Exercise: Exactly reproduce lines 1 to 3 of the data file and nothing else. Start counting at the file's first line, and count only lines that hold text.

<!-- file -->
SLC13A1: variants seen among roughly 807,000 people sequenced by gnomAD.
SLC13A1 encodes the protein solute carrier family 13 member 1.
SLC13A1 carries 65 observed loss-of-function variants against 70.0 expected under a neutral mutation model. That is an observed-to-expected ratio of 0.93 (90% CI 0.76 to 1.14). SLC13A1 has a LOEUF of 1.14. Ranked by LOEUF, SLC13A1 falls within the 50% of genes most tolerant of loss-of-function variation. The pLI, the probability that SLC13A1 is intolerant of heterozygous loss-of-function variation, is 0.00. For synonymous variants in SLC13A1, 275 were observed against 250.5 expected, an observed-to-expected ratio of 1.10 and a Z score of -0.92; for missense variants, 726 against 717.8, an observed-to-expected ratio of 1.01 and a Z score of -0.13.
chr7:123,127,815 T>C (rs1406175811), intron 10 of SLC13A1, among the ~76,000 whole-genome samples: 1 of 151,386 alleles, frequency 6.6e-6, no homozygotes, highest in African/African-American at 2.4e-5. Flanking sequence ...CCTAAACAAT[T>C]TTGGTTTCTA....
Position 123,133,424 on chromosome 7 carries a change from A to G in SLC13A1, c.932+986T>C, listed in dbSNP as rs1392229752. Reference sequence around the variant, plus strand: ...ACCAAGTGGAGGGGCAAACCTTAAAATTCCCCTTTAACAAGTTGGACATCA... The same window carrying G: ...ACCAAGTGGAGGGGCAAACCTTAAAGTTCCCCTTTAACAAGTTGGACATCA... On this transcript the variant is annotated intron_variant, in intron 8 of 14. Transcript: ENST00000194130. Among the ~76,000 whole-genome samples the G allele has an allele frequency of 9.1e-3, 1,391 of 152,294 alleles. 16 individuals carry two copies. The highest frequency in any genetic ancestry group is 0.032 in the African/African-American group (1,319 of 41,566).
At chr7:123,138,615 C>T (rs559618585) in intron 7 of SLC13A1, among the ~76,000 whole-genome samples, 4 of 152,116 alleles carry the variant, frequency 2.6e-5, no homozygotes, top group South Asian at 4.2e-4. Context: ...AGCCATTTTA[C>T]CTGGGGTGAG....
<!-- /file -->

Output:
SLC13A1: variants seen among roughly 807,000 people sequenced by gnomAD.
SLC13A1 encodes the protein solute carrier family 13 member 1.
SLC13A1 carries 65 observed loss-of-function variants against 70.0 expected under a neutral mutation model. That is an observed-to-expected ratio of 0.93 (90% CI 0.76 to 1.14). SLC13A1 has a LOEUF of 1.14. Ranked by LOEUF, SLC13A1 falls within the 50% of genes most tolerant of loss-of-function variation. The pLI, the probability that SLC13A1 is intolerant of heterozygous loss-of-function variation, is 0.00. For synonymous variants in SLC13A1, 275 were observed against 250.5 expected, an observed-to-expected ratio of 1.10 and a Z score of -0.92; for missense variants, 726 against 717.8, an observed-to-expected ratio of 1.01 and a Z score of -0.13.